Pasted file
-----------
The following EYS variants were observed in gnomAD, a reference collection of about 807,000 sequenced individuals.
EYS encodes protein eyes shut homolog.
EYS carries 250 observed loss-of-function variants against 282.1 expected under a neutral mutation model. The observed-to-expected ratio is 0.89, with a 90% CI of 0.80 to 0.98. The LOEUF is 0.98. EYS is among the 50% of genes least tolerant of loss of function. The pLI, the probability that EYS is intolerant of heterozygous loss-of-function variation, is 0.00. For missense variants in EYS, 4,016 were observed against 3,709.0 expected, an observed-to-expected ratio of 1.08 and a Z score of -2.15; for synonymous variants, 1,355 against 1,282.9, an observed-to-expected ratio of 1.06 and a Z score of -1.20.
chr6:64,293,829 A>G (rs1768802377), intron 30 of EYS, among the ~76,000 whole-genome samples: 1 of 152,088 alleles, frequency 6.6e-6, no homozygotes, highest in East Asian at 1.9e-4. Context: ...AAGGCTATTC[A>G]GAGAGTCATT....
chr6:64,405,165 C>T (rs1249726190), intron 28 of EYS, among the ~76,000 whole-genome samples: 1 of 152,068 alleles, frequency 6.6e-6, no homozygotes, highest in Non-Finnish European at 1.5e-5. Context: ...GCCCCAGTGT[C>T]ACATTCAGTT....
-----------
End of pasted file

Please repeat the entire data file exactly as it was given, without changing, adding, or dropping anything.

The following EYS variants were observed in gnomAD, a reference collection of about 807,000 sequenced individuals.
EYS encodes protein eyes shut homolog.
EYS carries 250 observed loss-of-function variants against 282.1 expected under a neutral mutation model. The observed-to-expected ratio is 0.89, with a 90% CI of 0.80 to 0.98. The LOEUF is 0.98. EYS is among the 50% of genes least tolerant of loss of function. The pLI, the probability that EYS is intolerant of heterozygous loss-of-function variation, is 0.00. For missense variants in EYS, 4,016 were observed against 3,709.0 expected, an observed-to-expected ratio of 1.08 and a Z score of -2.15; for synonymous variants, 1,355 against 1,282.9, an observed-to-expected ratio of 1.06 and a Z score of -1.20.
chr6:64,293,829 A>G (rs1768802377), intron 30 of EYS, among the ~76,000 whole-genome samples: 1 of 152,088 alleles, frequency 6.6e-6, no homozygotes, highest in East Asian at 1.9e-4. Context: ...AAGGCTATTC[A>G]GAGAGTCATT....
chr6:64,405,165 C>T (rs1249726190), intron 28 of EYS, among the ~76,000 whole-genome samples: 1 of 152,068 alleles, frequency 6.6e-6, no homozygotes, highest in Non-Finnish European at 1.5e-5. Context: ...GCCCCAGTGT[C>T]ACATTCAGTT....